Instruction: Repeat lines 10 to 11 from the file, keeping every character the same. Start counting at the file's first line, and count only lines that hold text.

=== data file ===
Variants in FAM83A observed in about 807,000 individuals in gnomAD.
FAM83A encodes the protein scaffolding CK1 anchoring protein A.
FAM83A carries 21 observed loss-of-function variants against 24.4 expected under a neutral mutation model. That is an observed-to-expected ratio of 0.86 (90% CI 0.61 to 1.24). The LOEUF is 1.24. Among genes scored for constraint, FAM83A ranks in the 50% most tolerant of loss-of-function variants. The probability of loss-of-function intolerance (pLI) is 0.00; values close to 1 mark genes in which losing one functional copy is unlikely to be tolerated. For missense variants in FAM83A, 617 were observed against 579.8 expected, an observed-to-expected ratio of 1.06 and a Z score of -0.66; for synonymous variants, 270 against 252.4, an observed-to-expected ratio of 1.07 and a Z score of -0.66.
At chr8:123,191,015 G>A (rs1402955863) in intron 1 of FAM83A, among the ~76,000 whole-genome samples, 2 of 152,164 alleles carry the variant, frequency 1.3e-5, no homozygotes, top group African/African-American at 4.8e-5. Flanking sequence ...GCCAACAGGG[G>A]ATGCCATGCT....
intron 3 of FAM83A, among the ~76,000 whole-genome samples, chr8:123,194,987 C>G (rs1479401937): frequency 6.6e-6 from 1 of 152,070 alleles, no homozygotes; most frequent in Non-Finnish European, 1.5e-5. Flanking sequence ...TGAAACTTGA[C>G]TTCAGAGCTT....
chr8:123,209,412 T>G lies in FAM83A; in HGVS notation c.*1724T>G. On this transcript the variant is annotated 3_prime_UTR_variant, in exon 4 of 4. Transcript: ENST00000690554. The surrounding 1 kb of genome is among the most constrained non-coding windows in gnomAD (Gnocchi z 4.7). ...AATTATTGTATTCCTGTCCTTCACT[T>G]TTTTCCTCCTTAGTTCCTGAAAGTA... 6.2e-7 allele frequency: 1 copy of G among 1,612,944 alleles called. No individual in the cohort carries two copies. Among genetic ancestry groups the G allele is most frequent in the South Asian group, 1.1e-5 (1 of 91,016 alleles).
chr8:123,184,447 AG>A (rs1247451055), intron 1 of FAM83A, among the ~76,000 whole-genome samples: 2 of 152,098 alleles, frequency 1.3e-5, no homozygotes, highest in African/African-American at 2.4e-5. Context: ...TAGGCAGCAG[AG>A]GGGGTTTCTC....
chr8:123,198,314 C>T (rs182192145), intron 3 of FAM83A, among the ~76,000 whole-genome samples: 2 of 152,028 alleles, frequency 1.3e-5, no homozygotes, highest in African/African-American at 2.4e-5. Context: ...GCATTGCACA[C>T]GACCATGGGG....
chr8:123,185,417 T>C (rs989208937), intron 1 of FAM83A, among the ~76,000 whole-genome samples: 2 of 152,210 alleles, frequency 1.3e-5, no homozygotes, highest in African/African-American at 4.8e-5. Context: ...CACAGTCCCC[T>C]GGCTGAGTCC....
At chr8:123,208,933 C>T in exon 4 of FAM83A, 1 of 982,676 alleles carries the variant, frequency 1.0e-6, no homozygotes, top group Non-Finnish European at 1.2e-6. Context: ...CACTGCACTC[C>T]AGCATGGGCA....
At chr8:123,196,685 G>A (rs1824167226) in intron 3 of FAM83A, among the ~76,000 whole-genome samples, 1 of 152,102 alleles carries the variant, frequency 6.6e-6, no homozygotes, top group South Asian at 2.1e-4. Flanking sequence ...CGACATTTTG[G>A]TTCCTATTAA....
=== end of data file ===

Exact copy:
At chr8:123,208,933 C>T in exon 4 of FAM83A, 1 of 982,676 alleles carries the variant, frequency 1.0e-6, no homozygotes, top group Non-Finnish European at 1.2e-6. Context: ...CACTGCACTC[C>T]AGCATGGGCA....
At chr8:123,196,685 G>A (rs1824167226) in intron 3 of FAM83A, among the ~76,000 whole-genome samples, 1 of 152,102 alleles carries the variant, frequency 6.6e-6, no homozygotes, top group South Asian at 2.1e-4. Flanking sequence ...CGACATTTTG[G>A]TTCCTATTAA....